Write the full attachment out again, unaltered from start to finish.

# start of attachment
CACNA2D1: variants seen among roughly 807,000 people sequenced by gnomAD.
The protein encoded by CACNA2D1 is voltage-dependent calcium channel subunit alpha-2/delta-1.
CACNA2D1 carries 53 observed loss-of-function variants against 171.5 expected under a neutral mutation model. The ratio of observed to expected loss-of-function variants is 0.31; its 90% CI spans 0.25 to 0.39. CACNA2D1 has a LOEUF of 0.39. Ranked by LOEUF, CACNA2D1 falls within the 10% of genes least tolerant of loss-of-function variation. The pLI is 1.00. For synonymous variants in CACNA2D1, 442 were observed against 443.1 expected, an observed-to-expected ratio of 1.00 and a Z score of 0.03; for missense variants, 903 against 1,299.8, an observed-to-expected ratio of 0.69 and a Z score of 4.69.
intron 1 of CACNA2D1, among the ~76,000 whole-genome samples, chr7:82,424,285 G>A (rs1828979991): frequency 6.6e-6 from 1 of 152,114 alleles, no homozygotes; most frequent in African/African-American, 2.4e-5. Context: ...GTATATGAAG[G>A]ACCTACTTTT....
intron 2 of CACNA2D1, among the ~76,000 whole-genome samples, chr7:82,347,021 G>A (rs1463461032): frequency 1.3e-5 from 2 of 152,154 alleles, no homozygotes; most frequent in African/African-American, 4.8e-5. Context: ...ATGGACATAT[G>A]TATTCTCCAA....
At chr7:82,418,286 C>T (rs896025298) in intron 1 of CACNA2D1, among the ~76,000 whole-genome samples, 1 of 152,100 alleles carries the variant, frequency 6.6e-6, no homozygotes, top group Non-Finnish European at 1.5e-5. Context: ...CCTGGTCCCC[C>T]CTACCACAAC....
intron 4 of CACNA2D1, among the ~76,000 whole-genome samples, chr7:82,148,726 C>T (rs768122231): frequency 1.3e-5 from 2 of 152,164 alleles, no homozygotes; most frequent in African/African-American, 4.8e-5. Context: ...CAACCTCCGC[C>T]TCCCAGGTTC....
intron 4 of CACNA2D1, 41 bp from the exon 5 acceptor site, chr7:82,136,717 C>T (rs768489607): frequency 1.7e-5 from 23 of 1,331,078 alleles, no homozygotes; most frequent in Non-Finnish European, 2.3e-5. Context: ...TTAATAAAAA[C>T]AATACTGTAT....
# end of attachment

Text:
CACNA2D1: variants seen among roughly 807,000 people sequenced by gnomAD.
The protein encoded by CACNA2D1 is voltage-dependent calcium channel subunit alpha-2/delta-1.
CACNA2D1 carries 53 observed loss-of-function variants against 171.5 expected under a neutral mutation model. The ratio of observed to expected loss-of-function variants is 0.31; its 90% CI spans 0.25 to 0.39. CACNA2D1 has a LOEUF of 0.39. Ranked by LOEUF, CACNA2D1 falls within the 10% of genes least tolerant of loss-of-function variation. The pLI is 1.00. For synonymous variants in CACNA2D1, 442 were observed against 443.1 expected, an observed-to-expected ratio of 1.00 and a Z score of 0.03; for missense variants, 903 against 1,299.8, an observed-to-expected ratio of 0.69 and a Z score of 4.69.
intron 1 of CACNA2D1, among the ~76,000 whole-genome samples, chr7:82,424,285 G>A (rs1828979991): frequency 6.6e-6 from 1 of 152,114 alleles, no homozygotes; most frequent in African/African-American, 2.4e-5. Context: ...GTATATGAAG[G>A]ACCTACTTTT....
intron 2 of CACNA2D1, among the ~76,000 whole-genome samples, chr7:82,347,021 G>A (rs1463461032): frequency 1.3e-5 from 2 of 152,154 alleles, no homozygotes; most frequent in African/African-American, 4.8e-5. Context: ...ATGGACATAT[G>A]TATTCTCCAA....
At chr7:82,418,286 C>T (rs896025298) in intron 1 of CACNA2D1, among the ~76,000 whole-genome samples, 1 of 152,100 alleles carries the variant, frequency 6.6e-6, no homozygotes, top group Non-Finnish European at 1.5e-5. Context: ...CCTGGTCCCC[C>T]CTACCACAAC....
intron 4 of CACNA2D1, among the ~76,000 whole-genome samples, chr7:82,148,726 C>T (rs768122231): frequency 1.3e-5 from 2 of 152,164 alleles, no homozygotes; most frequent in African/African-American, 4.8e-5. Context: ...CAACCTCCGC[C>T]TCCCAGGTTC....
intron 4 of CACNA2D1, 41 bp from the exon 5 acceptor site, chr7:82,136,717 C>T (rs768489607): frequency 1.7e-5 from 23 of 1,331,078 alleles, no homozygotes; most frequent in Non-Finnish European, 2.3e-5. Context: ...TTAATAAAAA[C>T]AATACTGTAT....